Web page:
By Mark Busa
Sales & Marketing
Epoxy Technology, Inc.
UV curing adhesives offer a convenient way to quickly cure an adhesive in specific applications. In order to receive the full benefits of UV curing products, it is very important to cure these materials properly. Below are some important questions to take into consideration before curing UV adhesives:
- Is the product Cationic (epoxy-based) or Free Radical (acrylate-based)?
- Cationic UV systems are initiated by photo generated ions and cure in minutes, although shorter cure times may be achieved with proper lamp selection. They generally have less shrinkage, higher strength and are not subject to oxygen inhibition. The stronger the photo initiator package, the faster the UV cure response. Many cationic systems can be thermally post cured for enhanced properties.
- Free radical UV systems are known for their very rapid cure in seconds, rather than minutes. They are not sensitive to moisture or other bases, and thermal post curing is not an option; unlike with cationic systems.
- What type of UV lamp, format, filters & intensity is being used?
- Type - UV lamps tend to be metal halide/doped mercury or LED.
- Metal halide lamps have several types and provide a broad wavelength emission spectrum, which is generally the most efficient way to cure cationic UV systems. The most common metal halide lamps are mercury lamps. Standard “H” type mercury lamps are best for thin coatings, while iron doped (“D” or “F”) type mercury lamps are good for a deeper cure of thick coats (pigmented or clear).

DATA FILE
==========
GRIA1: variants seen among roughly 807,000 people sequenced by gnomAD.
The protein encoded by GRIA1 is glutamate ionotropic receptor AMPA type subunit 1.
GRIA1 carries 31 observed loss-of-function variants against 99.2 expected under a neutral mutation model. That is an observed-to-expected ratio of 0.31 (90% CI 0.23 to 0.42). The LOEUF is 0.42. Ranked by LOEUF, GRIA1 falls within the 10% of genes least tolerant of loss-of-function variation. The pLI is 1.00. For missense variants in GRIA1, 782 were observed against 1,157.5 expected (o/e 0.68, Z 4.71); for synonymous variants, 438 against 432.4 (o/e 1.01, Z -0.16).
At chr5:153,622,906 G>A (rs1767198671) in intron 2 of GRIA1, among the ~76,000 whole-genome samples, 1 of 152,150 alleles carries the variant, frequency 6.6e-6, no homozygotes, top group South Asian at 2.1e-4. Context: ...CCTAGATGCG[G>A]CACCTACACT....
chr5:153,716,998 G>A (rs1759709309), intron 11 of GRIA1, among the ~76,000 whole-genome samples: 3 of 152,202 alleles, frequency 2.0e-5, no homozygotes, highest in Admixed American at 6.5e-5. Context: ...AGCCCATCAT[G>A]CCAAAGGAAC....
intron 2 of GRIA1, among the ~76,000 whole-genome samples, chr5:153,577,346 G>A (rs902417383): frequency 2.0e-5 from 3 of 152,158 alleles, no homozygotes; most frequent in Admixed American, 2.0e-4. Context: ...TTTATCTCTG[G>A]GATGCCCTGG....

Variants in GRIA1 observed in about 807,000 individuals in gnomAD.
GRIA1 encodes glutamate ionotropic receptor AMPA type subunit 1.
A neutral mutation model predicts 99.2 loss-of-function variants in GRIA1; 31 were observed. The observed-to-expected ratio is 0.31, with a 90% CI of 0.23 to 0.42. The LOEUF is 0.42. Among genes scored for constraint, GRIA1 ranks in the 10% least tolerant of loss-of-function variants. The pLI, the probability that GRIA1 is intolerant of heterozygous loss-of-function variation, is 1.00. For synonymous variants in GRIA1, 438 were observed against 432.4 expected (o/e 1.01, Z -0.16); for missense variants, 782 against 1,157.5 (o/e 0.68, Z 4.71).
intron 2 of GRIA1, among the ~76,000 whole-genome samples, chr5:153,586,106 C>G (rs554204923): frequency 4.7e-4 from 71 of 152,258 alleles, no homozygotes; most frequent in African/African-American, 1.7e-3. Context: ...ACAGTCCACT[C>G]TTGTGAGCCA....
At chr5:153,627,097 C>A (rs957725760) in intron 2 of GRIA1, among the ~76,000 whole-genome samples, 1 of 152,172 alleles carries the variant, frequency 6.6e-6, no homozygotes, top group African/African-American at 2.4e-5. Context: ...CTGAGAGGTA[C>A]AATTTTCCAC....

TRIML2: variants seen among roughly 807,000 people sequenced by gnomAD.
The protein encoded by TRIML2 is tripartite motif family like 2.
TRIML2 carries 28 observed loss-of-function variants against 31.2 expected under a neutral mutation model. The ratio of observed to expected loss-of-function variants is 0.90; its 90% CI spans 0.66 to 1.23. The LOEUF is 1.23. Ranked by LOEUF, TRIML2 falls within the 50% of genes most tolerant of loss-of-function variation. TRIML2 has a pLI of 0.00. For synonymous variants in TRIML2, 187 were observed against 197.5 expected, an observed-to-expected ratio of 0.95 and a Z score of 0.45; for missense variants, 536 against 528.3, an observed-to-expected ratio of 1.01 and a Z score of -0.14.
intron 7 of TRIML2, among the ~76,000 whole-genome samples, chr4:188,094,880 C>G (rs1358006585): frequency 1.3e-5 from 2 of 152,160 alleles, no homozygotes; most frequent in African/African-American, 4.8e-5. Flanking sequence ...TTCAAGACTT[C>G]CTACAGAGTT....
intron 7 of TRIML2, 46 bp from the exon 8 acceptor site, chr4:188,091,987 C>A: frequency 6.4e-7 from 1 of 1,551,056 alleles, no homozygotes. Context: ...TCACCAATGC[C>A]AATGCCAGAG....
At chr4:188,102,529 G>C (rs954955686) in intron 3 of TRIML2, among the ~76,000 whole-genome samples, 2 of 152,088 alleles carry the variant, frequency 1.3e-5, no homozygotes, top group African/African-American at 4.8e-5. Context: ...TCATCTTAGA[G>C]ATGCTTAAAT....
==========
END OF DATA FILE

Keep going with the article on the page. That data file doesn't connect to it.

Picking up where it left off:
- LED lamps have very narrow emission spectra and are specified by a single wavelength (365nm, 385nm, etc).
- Format – UV lamps come in flood or spot formats. Flood lamps tend to be more efficient than spot cures as flood lamps have a larger curing area and generate more heat which benefits a cationic cure. Spot cures are recommended for parts < 0.5” diameter.
- Filters – Always check if the lamp has a filter. Filters can block certain wavelengths and may adversely affect your cure.
- Intensity – Higher intensities may work for small dots or thin layers, but they add stress and are less effective for thick layers. To cure thick layers – reduce the intensity, increase the cure time and use a lamp with a longer wavelength emission spectrum to cure more deeply.
- Any thermal post cure available (cationic systems)?
- Thermal post cures can increase the degree of conversion of areas exposed to an initial UV cure in certain epoxy-based systems. Post cures can also provide enhanced mechanical and physical properties to these products.
- Any shadowed areas of the bond line?
- For shadowed areas, longer wavelength lamp types give the best edge cure. A deeper edge cure is helpful when choosing a low temperature post cure. Shadow curing is only possible with certain cationic systems, not free radical materials.
Keeping in mind these essential points will prepare you to properly select and cure a UV adhesive. A technical data sheet for your UV material should be referred to, as it provides specific cure recommendations to achieve the best results.
For more information on UV curing adhesives and their curing process, please visit our website at www.epotek.com.